first_imgA television documentary is to examine the reasons behind the drastic depopulation of Donegal’s Arranmore Island from 1,000 people to just over 500 in the past 50 years.Arranmore IslandIslanders is a TV3 documentary series focusing on life on Ireland’s islands.The four part series begins on Wednesday, April 15th and promises to be compulsive viewing. Documentary-makers set the scene…..Just three kilometers from the coast, Arranmore has two car ferries, two co-operatives, a fire-service, a secondary school and even a nightclub!Outwardly it seems perfect but it has a problem, a problem emblematic of many islands – its population is in swift decline.In the last fifty years, Arranmore’s population has halved from one thousand to five hundred, whilst nearly forty five percent of residents are over sixty five years of age. In the first episode of this landmark series for TV3, we meet Dr Shirley Gallagher (40s), a typical Arranmore Islander.Born off the island in London whilst her island parents were working there, Shirley’s family was reared on Arranmore. Shirley is well-travelled, well-educated and well able to speak her mind.Working in Sustainability & Environmental issues, Shirley returned home two years ago to apply all her learning and experience to her own home. She believes there are those on the island that don’t want to see change whilst others are apathetic.“When I saw the statistics on population decline I was truly shocked. You see the empty houses and derelict homes all around the place but it didn’t really trigger. I thought I need to do something about this – and here I am.”The impact of the population decline on Arranmore is entwined with another issue. Once, Arranmore had thirty trawlers and nearly one hundred men fishing its waters. Now, its inshore fleet is down to four boats with most men leaving to work in the more lucrative industries of mining or tunneling. But not all the men have left. Mild-mannered fisherman Neilie Kavanagh (40s) is preparing for the busy season ahead. Neilie is heartbroken over the decline of the inshore fishing industry in Arranmore.The ‘injustice’ of what has happened to his fishing village is deeply felt and it is hard not to feel sympathy for him. He explains the Catch-22 of the ‘harsh regulations’. If he is caught fishing illegally his licence will be revoked and his father’s family boat will no longer be able to fish. He is the custodian of the boat – the St. Anthony, built by his father on Arranmore over 40 years ago. Neilie has never worked or lived off Arranmore:“I was one of the lucky ones who didn’t have to emigrate. The boat was there and there were no rules or regulations when I started in 1983. You could fish away. You could catch spurdogs – they banned that, driftnet for salmon – they put in rules and regulations, in 2006 they put a complete ban on catching salmon. It was terrible because there were so many families depending on it.”Neilie blames bureaucracy and over-regulation for the decline of his way-of-life. The salmon fishery was a major earner during the season for Arranmore families. To compound matters fishing with gillnets was banned in AreaVIa – a major fishing ground off Donegal. This was done to preserve cod stocks but the Arranmore fishermen didn’t fish cod – they used gillnets to catch bait. In a perverse twist of fate they had to purchase their own bait from Killybegs in order to bait their pots.The fishing of spurdogs was also banned in 2008 in AreaVIa. Much of the inshore fleet is old and creaky having been decommissioned from the UK over 30 or 40 years ago so there is a sizeable barrier to entry for any new generations.In 2006 the fishermen of Arranmore were offered buyouts for their salmon licences. Most, including Neilie, refused to sell believing the outright ban to be unjust. The remaining fishermen of Arranmore were forced to turn to year-round fishing for crab and lobster. Neilie declares:“I was born and bred here and we’ve been fishing here, and my father before me, for over one hundred years. For them to turn around and say we were destroying the stocks is crazy. We’ve been doing this for over one hundred years.”With many twists and turns along the way, Islanders will follow the lives and stories of these characters to learn what threatens their survival, to discover a different way of life, and to share in what it means to be an islander.TV DOCUMENTARY TO EXAMINE DECLINE IN DONEGAL ISLAND’S POPULATION was last modified: April 3rd, 2015 by StephenShare this:Click to share on Facebook (Opens in new window)Click to share on Twitter (Opens in new window)Click to share on LinkedIn (Opens in new window)Click to share on Reddit (Opens in new window)Click to share on Pocket (Opens in new window)Click to share on Telegram (Opens in new window)Click to share on WhatsApp (Opens in new window)Click to share on Skype (Opens in new window)Click to print (Opens in new window)Tags:arranmoredonegalISLANDERSTV3last_img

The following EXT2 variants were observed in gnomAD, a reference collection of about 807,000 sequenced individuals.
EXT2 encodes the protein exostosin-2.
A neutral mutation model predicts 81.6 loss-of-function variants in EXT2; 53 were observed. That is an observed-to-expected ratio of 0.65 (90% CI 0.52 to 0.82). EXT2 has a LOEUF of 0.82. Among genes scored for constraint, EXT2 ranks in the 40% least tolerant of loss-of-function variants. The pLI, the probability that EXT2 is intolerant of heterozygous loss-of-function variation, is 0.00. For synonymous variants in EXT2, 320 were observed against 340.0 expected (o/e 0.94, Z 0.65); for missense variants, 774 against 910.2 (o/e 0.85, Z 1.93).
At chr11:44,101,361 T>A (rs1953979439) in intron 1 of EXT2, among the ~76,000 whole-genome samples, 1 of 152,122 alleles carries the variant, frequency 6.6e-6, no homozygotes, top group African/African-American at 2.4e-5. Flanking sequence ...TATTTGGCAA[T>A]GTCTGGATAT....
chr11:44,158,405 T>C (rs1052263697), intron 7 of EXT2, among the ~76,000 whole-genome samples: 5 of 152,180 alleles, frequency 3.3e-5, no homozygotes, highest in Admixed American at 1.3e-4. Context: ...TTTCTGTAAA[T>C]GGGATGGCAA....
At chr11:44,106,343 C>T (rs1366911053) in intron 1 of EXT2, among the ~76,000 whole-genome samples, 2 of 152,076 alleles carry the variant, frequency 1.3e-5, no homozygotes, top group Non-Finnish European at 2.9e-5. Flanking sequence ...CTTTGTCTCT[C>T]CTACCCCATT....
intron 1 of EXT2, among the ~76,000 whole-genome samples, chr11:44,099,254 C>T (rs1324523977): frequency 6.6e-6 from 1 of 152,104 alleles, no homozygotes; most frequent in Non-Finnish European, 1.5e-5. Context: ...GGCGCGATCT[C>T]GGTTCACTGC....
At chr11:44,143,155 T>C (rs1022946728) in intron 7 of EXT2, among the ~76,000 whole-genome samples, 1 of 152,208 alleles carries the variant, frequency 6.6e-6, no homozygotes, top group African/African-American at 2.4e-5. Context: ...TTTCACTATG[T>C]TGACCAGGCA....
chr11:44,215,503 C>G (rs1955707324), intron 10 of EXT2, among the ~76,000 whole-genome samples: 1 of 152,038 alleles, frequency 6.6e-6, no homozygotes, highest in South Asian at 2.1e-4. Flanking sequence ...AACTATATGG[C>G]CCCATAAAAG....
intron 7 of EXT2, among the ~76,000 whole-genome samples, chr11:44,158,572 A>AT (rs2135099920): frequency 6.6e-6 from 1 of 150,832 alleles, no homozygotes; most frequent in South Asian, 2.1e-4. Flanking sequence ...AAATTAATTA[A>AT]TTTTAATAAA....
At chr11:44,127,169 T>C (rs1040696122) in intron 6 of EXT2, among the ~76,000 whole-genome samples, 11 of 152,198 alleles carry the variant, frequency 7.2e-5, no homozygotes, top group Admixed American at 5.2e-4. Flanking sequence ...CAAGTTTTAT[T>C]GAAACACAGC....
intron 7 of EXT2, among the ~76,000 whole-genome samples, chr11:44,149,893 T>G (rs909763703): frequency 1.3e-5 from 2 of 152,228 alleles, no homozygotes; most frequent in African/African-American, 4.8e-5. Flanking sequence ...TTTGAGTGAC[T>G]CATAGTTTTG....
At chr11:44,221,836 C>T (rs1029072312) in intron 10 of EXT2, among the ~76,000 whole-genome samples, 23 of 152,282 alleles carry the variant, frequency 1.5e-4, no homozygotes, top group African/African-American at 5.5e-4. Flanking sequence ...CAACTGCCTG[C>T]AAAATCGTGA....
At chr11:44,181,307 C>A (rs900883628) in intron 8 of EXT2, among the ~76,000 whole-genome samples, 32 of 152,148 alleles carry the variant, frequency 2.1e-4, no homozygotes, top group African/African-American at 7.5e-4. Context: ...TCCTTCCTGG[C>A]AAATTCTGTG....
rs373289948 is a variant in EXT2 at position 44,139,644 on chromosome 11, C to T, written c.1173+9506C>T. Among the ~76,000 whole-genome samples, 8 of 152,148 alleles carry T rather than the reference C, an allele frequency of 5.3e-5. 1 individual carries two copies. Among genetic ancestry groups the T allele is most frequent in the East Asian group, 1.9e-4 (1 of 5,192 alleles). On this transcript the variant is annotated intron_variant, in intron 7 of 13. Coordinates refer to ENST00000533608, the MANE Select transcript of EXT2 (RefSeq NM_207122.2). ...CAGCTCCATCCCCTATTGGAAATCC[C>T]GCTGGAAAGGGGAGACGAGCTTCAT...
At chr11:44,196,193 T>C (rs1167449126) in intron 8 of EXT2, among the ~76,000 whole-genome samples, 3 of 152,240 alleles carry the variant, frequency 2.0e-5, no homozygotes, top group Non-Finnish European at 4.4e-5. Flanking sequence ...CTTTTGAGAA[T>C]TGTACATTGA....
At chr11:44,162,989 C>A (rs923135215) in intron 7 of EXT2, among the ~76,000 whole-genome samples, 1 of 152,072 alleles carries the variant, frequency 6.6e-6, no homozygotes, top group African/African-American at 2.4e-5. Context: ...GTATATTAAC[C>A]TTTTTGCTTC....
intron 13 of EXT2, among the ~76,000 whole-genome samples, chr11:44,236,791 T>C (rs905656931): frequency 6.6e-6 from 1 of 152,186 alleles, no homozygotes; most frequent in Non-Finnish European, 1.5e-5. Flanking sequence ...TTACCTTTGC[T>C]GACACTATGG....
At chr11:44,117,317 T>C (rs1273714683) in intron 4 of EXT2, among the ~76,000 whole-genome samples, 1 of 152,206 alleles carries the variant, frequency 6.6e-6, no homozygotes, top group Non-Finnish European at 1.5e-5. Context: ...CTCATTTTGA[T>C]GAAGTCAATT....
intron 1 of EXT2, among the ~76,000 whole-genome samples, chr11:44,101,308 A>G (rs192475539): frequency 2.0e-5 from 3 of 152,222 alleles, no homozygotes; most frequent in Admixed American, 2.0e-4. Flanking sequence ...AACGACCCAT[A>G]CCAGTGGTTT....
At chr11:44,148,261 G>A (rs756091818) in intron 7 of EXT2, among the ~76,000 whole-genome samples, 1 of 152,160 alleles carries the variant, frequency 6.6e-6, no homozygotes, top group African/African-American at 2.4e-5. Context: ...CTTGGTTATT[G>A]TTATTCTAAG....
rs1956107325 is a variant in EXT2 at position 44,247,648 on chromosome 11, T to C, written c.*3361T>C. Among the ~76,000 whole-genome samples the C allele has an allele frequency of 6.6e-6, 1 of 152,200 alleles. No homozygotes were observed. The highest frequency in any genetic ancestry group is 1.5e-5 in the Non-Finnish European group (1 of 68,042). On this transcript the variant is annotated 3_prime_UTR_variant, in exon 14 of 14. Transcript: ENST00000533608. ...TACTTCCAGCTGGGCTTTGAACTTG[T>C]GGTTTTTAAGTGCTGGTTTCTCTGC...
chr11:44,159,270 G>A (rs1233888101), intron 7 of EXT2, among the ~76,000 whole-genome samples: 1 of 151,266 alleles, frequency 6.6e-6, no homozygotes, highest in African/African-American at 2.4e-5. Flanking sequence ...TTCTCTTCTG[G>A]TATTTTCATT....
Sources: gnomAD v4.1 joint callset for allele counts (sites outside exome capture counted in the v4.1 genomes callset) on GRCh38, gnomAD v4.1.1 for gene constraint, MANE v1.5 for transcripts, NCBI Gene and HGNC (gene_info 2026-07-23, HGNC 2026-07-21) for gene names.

Leave a Reply

Your email address will not be published. Required fields are marked *